Handel and Purcell both played the organ in the church, which retains some of its 17th-century pipework.
There is a monument to Sir Nicholas Throckmorton, after whose family Throgmorton Street is named. By the south wall is a memorial to RMS Lancastria, a troopship sunk with a huge loss of life in 1940.
Saint Katharine’s has a ring of six bells. Lester and Pack of the Whitechapel Bell Foundry cast five of them including the treble bell in 1754. Thomas II Mears of Whitechapel cast the tenor bell in 1842. The clock has a bell, also cast by Lester and Pack in 1754. It is the only tower in the City where the bells are rung from a ground-floor ringing chamber.
The church suffered only minor damage in the London Blitz in World War II. However, structural problems required extensive restoration in 1962.
Saint Katharine Cree Church is a Grade I listed building and one of the City’s Guild churches. The church was designated a Guild Church – it does not have a parish – in 1952 and was asked by the Bishop of London to focus its ministry on workers, especially industrial workers and workers in the worlds of finance, commerce and industry.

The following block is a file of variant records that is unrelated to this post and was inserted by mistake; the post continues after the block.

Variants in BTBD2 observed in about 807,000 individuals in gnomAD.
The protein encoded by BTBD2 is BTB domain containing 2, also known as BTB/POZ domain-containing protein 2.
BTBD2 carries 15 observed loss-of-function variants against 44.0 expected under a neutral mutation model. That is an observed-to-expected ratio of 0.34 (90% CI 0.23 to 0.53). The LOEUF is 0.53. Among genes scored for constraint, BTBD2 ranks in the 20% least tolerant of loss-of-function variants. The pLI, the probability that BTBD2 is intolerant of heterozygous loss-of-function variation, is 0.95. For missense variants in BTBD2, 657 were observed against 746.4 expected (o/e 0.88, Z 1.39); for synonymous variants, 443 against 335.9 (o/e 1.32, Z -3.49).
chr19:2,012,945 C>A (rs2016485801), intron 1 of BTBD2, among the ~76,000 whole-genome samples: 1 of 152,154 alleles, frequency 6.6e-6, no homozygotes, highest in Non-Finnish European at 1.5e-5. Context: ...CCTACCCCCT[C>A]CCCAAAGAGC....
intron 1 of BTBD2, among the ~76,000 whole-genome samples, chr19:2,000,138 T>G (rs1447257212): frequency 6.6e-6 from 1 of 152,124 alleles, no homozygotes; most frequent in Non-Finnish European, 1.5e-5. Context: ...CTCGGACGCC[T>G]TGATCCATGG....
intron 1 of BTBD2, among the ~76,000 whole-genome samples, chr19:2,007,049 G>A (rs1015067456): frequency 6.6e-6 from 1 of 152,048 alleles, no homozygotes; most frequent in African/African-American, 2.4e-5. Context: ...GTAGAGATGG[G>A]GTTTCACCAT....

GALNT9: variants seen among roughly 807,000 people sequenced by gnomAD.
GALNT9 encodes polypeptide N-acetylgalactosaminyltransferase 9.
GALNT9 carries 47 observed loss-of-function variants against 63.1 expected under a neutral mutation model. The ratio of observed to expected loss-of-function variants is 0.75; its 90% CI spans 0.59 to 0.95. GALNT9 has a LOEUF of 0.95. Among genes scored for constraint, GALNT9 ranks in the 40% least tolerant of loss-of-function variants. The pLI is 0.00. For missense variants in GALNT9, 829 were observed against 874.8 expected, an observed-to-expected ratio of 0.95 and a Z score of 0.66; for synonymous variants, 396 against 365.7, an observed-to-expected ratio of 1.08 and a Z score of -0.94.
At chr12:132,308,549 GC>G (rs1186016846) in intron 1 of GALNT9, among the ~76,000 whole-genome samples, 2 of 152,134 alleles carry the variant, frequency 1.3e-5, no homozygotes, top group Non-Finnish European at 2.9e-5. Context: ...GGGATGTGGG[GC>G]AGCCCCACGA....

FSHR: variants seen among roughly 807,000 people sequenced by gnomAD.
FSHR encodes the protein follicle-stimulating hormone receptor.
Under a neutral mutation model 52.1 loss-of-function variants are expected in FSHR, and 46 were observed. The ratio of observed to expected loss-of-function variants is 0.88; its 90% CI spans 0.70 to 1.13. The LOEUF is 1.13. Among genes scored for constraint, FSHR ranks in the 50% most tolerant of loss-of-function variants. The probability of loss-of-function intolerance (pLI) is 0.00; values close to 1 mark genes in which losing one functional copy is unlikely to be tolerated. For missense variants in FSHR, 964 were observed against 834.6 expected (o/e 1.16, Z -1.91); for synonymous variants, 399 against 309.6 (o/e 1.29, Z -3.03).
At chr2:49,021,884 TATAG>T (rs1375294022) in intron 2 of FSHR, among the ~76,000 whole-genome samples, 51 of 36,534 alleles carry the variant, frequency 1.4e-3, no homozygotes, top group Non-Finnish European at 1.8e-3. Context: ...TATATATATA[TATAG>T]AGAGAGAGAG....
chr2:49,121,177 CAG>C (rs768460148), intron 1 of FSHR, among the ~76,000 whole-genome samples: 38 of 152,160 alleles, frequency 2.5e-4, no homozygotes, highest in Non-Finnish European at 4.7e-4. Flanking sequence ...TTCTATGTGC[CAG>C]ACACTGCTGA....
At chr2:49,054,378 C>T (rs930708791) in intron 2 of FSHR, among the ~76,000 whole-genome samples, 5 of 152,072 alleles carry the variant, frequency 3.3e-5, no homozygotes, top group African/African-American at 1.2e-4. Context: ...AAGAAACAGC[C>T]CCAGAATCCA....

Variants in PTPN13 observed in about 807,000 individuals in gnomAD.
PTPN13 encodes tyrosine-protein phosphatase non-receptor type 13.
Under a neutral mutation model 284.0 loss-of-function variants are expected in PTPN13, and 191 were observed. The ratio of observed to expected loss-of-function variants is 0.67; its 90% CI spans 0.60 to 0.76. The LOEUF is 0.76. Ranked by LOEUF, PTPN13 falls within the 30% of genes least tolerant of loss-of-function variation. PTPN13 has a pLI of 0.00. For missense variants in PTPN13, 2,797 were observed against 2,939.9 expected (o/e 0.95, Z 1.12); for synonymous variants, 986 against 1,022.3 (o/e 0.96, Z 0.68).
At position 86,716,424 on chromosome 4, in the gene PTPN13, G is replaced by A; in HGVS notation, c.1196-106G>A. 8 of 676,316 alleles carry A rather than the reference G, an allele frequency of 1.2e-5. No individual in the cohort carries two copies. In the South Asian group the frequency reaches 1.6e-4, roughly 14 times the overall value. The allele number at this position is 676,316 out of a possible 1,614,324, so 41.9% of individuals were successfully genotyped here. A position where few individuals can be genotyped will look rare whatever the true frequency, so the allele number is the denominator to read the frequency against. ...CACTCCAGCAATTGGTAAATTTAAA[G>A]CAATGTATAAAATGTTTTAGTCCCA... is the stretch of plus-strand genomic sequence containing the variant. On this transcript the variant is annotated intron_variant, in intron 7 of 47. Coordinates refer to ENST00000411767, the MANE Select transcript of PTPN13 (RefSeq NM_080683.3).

The church welcomes all who are looking to deepen their connection with their community and with Jesus Christ. The ministry is rooted in a rhythm of prayer and worship, focusing on those who work in the City in precarious, low paid or ‘hidden’ occupations.
As a City church, the church continues to celebrate its historic connections and partnerships, including links with the Baltic Exchange and the shipping industry, the Aldgate Ward Club, and Lloyd’s Choir.
Alongside prayer and worship, the activities include English classes, employment advice opportunities, health and well-being activities, community meals, and connections between migrant and diaspora community groups, churches and service providers.
Father Josh Harris is the Priest-in-Charge of Saint Katharine Cree, and is responsible for worship and ministry in the church.